So the actual waxing experience could be an entire blog post on its own, as I decided to throw in a Brazilian to the full leg (as long as I’m there, let’s just giterdone). I get Brazilians all the time, but let’s just say that this one was unique, as it had Veronica the esthetician saying several times throughout the experience, “I am sooo sorry. Oh my god. In my five years of doing this I have never had this happen before!” But I’m here now to focus on the pedicure. Continue reading »
A., I, and some friends headed over to the Steampunk Festival in Waltham this past weekend. I am not going to lie, my goal was to gawk. I am pretty open-minded when it comes to people’s preferences, but for some reason the idea of walking around with a bunch of gears attached to your head is a bit bewildering to me.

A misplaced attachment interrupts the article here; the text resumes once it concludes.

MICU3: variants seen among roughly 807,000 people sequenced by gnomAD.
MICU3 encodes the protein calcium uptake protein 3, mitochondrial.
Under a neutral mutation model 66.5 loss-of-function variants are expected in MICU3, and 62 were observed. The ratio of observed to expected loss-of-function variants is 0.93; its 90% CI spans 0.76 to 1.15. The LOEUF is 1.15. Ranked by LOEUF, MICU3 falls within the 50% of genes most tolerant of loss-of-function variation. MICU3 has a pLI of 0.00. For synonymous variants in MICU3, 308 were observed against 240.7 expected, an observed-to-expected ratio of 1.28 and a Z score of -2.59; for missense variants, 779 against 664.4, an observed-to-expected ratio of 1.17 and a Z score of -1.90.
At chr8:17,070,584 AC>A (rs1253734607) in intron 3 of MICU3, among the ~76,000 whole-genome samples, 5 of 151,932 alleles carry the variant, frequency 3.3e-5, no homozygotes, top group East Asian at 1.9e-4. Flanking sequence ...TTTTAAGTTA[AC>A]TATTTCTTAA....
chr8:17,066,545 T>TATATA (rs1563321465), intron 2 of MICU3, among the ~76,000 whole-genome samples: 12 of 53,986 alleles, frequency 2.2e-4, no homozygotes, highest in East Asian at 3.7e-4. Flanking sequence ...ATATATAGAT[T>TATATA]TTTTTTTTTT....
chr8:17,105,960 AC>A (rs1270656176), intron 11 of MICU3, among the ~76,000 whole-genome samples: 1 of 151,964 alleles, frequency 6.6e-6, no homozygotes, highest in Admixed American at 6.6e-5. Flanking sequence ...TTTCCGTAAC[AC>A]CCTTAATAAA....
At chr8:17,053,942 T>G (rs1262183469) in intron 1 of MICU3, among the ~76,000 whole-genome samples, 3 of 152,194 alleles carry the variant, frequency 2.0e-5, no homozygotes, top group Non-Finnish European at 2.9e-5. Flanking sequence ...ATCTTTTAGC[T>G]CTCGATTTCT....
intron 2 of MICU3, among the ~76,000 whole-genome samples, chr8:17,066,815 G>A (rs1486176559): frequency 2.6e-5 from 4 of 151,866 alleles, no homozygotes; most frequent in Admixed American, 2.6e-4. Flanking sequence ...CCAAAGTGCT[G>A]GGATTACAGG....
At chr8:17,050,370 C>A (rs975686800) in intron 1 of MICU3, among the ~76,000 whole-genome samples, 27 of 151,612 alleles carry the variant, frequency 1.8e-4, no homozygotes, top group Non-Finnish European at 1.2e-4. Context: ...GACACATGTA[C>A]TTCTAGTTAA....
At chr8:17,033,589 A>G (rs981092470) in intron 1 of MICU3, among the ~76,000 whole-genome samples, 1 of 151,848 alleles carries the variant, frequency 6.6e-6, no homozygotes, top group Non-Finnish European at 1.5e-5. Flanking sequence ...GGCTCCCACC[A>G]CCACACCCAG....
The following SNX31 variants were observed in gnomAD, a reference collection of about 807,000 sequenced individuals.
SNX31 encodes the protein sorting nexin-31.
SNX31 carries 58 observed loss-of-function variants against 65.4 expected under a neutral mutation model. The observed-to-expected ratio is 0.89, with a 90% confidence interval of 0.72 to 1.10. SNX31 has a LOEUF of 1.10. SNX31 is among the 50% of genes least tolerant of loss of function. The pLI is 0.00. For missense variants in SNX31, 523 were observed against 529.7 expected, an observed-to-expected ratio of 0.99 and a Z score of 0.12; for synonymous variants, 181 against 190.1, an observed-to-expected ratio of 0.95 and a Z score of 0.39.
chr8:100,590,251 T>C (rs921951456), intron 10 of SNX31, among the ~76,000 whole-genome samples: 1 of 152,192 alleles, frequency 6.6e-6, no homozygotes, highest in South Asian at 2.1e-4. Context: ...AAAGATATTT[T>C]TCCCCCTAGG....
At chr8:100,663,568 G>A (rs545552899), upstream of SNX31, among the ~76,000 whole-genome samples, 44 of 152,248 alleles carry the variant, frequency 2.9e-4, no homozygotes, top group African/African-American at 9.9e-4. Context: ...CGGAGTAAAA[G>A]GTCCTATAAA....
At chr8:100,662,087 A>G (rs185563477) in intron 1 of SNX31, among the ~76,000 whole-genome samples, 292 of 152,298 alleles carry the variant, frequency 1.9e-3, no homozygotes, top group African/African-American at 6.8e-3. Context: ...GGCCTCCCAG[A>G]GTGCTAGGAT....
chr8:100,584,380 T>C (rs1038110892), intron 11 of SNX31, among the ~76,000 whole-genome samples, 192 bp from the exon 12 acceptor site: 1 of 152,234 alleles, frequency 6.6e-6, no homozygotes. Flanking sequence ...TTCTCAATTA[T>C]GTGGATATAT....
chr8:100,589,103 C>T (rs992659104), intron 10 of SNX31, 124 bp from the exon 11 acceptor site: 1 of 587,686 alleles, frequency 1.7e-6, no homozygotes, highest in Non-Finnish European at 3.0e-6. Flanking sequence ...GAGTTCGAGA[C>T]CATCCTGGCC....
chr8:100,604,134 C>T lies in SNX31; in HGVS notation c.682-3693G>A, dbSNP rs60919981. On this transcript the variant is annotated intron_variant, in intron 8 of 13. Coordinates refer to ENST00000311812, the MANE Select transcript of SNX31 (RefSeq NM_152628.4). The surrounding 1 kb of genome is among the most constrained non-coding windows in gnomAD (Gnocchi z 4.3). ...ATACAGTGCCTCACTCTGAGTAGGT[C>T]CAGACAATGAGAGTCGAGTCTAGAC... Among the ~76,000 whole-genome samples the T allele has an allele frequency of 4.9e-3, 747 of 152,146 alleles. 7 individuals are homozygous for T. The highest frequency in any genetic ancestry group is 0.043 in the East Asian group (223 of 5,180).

That being said, I learned some valuable lessons along the way and was happy to see so many people out and about embracing their true selves.
Happy Mother’s Day to all our mama readers!
Today’s guest post is appropriately mama themed and comes to us from Roxanne Halpine Ward, a Philadelphia-based writer/editor/yogini. You can check out her thoughts on yoga and fitness, writing, and life with her husband and Yoga Baby over at Rox Does Yoga.
As a new mom, I love breastfeeding my daughter.
But as a working mom, I hate pumping.